We strive to always take care of our community and have been following the news closely in regards to the COVID-19 pandemic and how it may impact Topfoxx and our customers. We have been able to recompile the following tips and advice from the American Academy of Ophthalmology.
Experts from the CDC are saying guarding your eyes — as well as your hands and mouth — can slow the spread of coronavirus.
Limiting eye exposure can help keep you extra protected. Here’s why:
- Though you’re more likely to inhale the virus from another person through your mouth or nose and it is extremely important to wear gloves and masks when outdoors exposed to others, it is also important to cover your eyes as and added way of protecting yourself.
- You can also become infected by touching something that has the virus on it — like a table or doorknob — and then touching your eyes. So by wearing eye wear this may prevent daily habits as such.
Here’s a few tips to help keep you safe. Note the following tips are ways to keep you safer and will not keep you 100% protected, but as we like to say -- Something is better than nothing and want to be sure to keep our BossBabes informed:
1. If you wear contact lenses, switch to glasses for a while.
Contact lens wearers touch their eyes more than the average person. Also, applying contacts requires touching the lenses directly with your fingers and into your eye.
2. Wearing glasses may add a layer of protection.
Corrective lenses or sunglasses can shield your eyes from infected respiratory droplets. Though, the virus can still reach your eyes from the exposed sides, tops and bottoms of your glasses, American Academy of Ophthalmology recommends it's a better option than wearing nothing.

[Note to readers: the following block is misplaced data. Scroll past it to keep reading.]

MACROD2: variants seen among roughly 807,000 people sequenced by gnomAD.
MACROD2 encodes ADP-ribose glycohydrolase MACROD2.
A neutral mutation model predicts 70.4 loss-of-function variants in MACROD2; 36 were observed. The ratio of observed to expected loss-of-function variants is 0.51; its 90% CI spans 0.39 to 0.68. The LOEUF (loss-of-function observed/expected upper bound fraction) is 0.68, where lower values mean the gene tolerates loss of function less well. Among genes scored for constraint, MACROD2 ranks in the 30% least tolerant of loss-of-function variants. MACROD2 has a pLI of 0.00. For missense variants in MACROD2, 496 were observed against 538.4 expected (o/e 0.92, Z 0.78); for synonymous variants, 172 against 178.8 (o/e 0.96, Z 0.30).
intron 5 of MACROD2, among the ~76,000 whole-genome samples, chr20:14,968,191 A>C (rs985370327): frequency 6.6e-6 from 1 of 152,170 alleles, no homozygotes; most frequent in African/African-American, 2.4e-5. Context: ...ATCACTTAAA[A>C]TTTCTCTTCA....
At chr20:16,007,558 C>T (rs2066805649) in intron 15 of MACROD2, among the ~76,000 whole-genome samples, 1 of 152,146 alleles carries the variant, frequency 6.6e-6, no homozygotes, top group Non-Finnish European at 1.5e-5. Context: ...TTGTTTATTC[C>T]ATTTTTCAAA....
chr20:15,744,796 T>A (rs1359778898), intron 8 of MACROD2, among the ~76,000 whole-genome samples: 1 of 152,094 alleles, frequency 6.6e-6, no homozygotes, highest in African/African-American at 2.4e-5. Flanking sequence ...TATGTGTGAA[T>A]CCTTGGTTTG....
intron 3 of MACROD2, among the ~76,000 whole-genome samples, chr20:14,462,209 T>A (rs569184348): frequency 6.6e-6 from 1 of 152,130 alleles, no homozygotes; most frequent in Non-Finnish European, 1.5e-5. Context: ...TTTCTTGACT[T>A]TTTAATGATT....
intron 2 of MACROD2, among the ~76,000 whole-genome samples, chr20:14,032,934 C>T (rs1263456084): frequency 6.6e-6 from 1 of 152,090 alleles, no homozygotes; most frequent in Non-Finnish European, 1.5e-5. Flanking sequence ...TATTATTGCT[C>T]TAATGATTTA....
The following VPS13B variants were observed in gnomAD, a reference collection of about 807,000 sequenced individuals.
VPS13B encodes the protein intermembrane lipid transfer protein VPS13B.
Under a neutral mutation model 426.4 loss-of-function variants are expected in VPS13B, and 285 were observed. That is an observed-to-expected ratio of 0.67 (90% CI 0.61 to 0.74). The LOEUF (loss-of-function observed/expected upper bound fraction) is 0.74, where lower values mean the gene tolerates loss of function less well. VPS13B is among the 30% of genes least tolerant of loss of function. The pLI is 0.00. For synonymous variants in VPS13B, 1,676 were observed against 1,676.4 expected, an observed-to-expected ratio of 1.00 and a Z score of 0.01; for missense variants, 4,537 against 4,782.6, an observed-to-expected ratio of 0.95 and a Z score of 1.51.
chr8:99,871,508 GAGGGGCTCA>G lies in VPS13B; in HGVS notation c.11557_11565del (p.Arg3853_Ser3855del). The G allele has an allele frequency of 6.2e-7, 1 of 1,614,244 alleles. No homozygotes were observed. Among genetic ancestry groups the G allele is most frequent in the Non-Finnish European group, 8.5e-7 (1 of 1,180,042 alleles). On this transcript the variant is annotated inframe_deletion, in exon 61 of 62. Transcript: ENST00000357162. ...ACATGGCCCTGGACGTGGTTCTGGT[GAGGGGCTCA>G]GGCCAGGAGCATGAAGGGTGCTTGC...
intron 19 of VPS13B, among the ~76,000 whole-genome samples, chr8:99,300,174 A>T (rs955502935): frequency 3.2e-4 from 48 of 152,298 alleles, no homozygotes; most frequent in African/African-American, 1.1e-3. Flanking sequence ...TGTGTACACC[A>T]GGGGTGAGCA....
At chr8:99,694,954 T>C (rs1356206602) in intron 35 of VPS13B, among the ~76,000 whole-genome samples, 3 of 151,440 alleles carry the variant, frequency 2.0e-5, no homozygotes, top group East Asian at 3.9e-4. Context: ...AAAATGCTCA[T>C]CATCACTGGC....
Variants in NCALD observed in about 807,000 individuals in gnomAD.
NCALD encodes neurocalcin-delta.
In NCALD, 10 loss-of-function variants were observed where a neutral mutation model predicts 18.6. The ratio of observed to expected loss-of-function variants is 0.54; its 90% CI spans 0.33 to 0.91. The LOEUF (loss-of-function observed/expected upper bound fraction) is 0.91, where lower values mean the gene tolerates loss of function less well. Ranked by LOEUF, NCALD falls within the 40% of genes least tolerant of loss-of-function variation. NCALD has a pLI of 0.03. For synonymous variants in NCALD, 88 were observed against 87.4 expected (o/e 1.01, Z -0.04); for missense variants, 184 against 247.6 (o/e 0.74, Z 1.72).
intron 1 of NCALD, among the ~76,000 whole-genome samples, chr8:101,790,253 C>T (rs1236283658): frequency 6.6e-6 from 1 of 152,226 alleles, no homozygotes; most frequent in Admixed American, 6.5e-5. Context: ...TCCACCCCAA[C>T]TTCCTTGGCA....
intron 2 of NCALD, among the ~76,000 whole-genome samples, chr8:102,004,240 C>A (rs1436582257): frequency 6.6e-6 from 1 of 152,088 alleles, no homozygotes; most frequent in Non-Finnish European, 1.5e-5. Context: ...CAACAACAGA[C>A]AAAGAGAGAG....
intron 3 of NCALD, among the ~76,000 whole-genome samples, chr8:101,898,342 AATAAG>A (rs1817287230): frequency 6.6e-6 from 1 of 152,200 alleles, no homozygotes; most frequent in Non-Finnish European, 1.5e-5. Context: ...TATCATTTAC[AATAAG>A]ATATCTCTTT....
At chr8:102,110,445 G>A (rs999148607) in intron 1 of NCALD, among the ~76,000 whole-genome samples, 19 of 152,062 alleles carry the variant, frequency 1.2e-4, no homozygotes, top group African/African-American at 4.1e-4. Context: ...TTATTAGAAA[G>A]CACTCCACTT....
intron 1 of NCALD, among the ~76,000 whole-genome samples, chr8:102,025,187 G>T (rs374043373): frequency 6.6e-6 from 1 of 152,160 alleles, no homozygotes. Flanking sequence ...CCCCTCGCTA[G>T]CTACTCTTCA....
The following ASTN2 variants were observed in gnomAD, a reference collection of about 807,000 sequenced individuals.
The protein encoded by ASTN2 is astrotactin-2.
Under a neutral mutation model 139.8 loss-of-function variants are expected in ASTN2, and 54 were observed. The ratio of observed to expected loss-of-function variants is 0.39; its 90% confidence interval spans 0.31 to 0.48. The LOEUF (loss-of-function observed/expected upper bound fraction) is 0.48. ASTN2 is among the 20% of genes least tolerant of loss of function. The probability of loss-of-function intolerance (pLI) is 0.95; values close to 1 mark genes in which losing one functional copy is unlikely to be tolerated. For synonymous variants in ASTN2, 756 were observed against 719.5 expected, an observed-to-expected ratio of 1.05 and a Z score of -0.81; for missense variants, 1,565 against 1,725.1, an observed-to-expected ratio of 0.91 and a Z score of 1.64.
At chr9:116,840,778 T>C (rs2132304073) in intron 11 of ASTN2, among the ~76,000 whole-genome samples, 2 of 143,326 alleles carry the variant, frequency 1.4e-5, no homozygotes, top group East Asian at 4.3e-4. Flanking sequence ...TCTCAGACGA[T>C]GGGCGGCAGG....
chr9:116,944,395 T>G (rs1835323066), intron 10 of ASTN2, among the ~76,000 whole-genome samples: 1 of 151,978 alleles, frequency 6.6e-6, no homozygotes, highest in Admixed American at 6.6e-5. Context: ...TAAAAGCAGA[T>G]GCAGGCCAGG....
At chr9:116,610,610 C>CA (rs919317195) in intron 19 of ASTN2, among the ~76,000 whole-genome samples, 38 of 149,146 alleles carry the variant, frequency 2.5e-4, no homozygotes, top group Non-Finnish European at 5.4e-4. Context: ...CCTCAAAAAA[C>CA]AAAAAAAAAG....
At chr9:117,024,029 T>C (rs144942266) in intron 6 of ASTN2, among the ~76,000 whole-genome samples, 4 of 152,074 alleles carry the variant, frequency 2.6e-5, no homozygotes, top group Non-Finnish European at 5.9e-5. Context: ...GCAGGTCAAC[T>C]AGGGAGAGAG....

If you are a healthcare professional caring for a sick patient or someone caring for a family member who has been exposed, opt for safety goggles instead as they may offer a stronger defense.
3. Stock up on eye medicine prescriptions if you can.
Experts advise patients to stock up on critical medications, so that you'll have enough to get by if you are quarantined or if supplies become limited during an outbreak. Don't wait until the last minute to contact your pharmacy.
4. Avoid rubbing your eyes.
We all do it. While it can be hard to break this natural habit, doing so will lower your risk of infection. If you feel an urge to itch or rub your eye or even to adjust your glasses, use a tissue instead of your fingers. Dry eyes can lead to more rubbing, so consider adding moisturizing drops to your eye routine.
If you must touch your eyes for any reason — even to administer eye medicine — wash your hands thoroughly first with soap and water for at least 20 seconds. Then wash them again afterwards.
5. Practice safe hygiene and social distancing.
The CDC offers these general guidelines to slow the spread of disease:
- Wash your hands often with soap and water for at least 20 seconds.
- You should especially wash your hands before eating, after using the restroom, sneezing, coughing or blowing your nose.
- If you can’t get to a sink, use a hand sanitizer that has at least 60% alcohol.
- Avoid touching your face — particularly your eyes, nose, and mouth.
- If you cough or sneeze, cover your face with your elbow or a tissue. If you use a tissue, throw it away promptly. Then go wash your hands.
- Avoid close contact with sick people. If you think someone has a respiratory infection, it’s safest to stay 6 feet away.
- Stay home when you are sick.
- Regularly disinfect commonly touched surfaces and items in your house, such as doorknobs and counter tops.